Douglas Arvidson is a past winner of the WICE/Paris Transcontinental International Short Story competition. His short fiction has been published in Paris, Prague, and in literary magazines in the United States and he was recently invited to be a staff writer for the Prague Revue, a cutting-edge, online literary journal ( The novels in his fantasy series, The Eye of the Eye of Stallion, include The Face in Amber, The Mirrors of Castaway Time, and A Drop of Wizard's Blood. His new novel, Brothers of the Fire Star, was selected as a finalist in the ForeWord Reviews 2012 Book of the Year national awards and as a finalist in three categories in the 2013 New Mexico-Arizona Book Awards: Action Adventure Fiction, Historical Fiction, and Young Adult Fiction. It has become part of the pantheon of Pacific literature and is now included in school literature programs. Brothers of the Fire Star is an adventure story set in the Pacific during World War II and concerns two boys of different races and cultures who escape the island of Guam in a small sailboat when the Japanese army invades. They must then struggle to survive as they master the secrets of the ancient Pacific navigators. Appropriate for young adults as well as adult readers, Brothers of the Fire Star is available on Barnes & Noble, ( and Visit the author's website:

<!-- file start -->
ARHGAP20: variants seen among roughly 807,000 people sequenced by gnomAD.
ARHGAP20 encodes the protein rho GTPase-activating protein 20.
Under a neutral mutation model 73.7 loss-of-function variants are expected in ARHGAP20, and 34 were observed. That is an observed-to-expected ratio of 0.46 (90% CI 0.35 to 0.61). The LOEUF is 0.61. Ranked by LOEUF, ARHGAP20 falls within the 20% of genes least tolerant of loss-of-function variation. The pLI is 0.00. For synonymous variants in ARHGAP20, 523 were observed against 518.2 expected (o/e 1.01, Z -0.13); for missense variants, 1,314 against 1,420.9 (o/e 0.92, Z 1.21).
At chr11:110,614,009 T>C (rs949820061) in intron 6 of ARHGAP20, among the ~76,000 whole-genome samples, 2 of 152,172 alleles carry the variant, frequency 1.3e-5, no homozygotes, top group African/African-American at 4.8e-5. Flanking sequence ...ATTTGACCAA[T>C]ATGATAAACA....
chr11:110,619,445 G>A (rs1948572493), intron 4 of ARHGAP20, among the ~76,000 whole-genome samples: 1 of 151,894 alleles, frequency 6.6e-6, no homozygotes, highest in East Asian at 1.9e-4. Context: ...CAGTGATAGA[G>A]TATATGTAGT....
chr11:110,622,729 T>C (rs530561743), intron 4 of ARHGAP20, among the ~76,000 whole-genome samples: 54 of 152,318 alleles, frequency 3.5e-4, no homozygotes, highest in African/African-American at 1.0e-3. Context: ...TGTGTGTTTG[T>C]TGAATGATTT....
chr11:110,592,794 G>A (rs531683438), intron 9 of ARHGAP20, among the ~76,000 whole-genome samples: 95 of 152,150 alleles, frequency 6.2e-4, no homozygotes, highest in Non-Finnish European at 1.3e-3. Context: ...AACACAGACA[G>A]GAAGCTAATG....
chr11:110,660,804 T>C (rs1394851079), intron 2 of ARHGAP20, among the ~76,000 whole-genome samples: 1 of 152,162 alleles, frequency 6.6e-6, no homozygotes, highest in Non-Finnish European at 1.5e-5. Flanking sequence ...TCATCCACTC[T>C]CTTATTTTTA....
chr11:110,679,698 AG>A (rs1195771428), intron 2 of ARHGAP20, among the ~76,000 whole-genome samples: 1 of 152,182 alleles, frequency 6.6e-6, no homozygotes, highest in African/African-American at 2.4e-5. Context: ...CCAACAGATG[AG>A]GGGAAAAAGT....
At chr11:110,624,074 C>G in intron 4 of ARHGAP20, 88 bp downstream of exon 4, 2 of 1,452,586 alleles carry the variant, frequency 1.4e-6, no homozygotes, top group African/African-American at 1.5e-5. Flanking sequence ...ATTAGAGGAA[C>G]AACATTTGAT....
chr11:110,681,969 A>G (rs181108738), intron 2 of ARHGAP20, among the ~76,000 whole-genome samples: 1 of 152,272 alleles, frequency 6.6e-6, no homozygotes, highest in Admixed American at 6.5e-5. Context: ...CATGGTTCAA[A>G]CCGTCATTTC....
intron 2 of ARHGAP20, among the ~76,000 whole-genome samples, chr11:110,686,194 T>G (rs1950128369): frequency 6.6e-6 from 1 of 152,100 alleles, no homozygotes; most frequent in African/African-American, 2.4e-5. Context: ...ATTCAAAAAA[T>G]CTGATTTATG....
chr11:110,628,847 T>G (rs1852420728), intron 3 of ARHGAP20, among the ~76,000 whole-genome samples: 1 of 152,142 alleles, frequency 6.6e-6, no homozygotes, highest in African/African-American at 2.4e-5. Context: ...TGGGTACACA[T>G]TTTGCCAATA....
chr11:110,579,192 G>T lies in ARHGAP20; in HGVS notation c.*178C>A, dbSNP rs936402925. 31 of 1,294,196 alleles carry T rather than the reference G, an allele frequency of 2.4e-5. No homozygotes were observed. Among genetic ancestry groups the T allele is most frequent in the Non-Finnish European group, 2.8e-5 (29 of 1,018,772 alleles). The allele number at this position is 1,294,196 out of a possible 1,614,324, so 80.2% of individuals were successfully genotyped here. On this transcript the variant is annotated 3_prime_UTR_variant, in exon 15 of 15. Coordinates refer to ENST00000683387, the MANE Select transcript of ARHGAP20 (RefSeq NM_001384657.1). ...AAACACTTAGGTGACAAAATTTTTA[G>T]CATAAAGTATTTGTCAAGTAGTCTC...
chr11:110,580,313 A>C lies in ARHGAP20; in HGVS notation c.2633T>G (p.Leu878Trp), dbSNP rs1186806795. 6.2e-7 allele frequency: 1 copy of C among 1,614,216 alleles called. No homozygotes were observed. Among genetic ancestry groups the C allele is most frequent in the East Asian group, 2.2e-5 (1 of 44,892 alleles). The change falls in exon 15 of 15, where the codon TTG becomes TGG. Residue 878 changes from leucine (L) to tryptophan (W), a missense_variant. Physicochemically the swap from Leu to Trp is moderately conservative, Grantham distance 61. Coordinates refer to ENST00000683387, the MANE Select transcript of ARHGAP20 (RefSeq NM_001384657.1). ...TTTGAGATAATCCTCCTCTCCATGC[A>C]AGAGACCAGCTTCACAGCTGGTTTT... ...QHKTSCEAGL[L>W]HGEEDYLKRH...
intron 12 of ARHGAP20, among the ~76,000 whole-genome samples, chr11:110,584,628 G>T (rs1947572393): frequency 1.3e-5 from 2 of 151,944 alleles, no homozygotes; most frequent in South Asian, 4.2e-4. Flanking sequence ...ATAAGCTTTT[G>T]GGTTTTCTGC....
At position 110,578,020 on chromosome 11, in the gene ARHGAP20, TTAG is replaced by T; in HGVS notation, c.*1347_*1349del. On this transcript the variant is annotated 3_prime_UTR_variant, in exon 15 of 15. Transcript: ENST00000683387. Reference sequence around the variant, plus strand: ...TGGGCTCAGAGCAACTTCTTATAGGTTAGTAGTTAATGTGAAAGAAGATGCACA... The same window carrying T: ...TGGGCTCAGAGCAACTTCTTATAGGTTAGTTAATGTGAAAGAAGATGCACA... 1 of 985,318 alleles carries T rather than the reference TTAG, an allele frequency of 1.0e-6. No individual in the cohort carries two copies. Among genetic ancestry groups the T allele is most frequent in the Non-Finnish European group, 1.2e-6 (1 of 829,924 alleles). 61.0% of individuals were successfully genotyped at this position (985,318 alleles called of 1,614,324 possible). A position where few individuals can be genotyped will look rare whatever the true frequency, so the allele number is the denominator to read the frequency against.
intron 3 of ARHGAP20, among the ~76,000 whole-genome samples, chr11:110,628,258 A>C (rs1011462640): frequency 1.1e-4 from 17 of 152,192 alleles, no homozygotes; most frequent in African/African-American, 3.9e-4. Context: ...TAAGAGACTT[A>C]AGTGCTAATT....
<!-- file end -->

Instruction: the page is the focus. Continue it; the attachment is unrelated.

Thursday, July 2, 2009

Leaving L.A. Aboard Train 14--Coastal Starlight

I'd love to put a picture here but still having problems with the downloading thing. We're sitting in the lounge car on the Amtrak train to Seattle (we're just going to Salinas--8 hours), drinking wine and watching the suburbs of L.A. pass by. Very fine feeling to be on this small adventure. The windows are big and the view bright and truly a southern CA thing (graffitti, palm trees, desert vistas, distant hazy mountains, warehouses, junk car lots, sunshine). The wine is $13 for small bottle (train-track robbery?) but we're on VACAY so we'll hand over the cash.

The state of Amtrak, that heavily subsidized American train system? The trains are clean and efficient (so far), the terminals borderline seedy (you just can't keep the homeless from sleeping off their lastest jag in the comfort of the fat lounge chairs--hence the stains and grit) the attendants friendly and helpful. We do love traveling by train. We've Euro-railed about the Continent, and taken the Trans-Sib across Russia and we've been curious about the American train experience.

Had a great afternoon/evening with Eli and Bailey yesterday. Walked all around the San Diego harbor and had a very fine diner out at an Italian restaurant on Coranado Island right on the harbor. Couldn't have been better. Up at 4:30 this morning to catch this train--don't like that aspect of traveling, but it's always worth it.

In a tunnel now--dark. Later.

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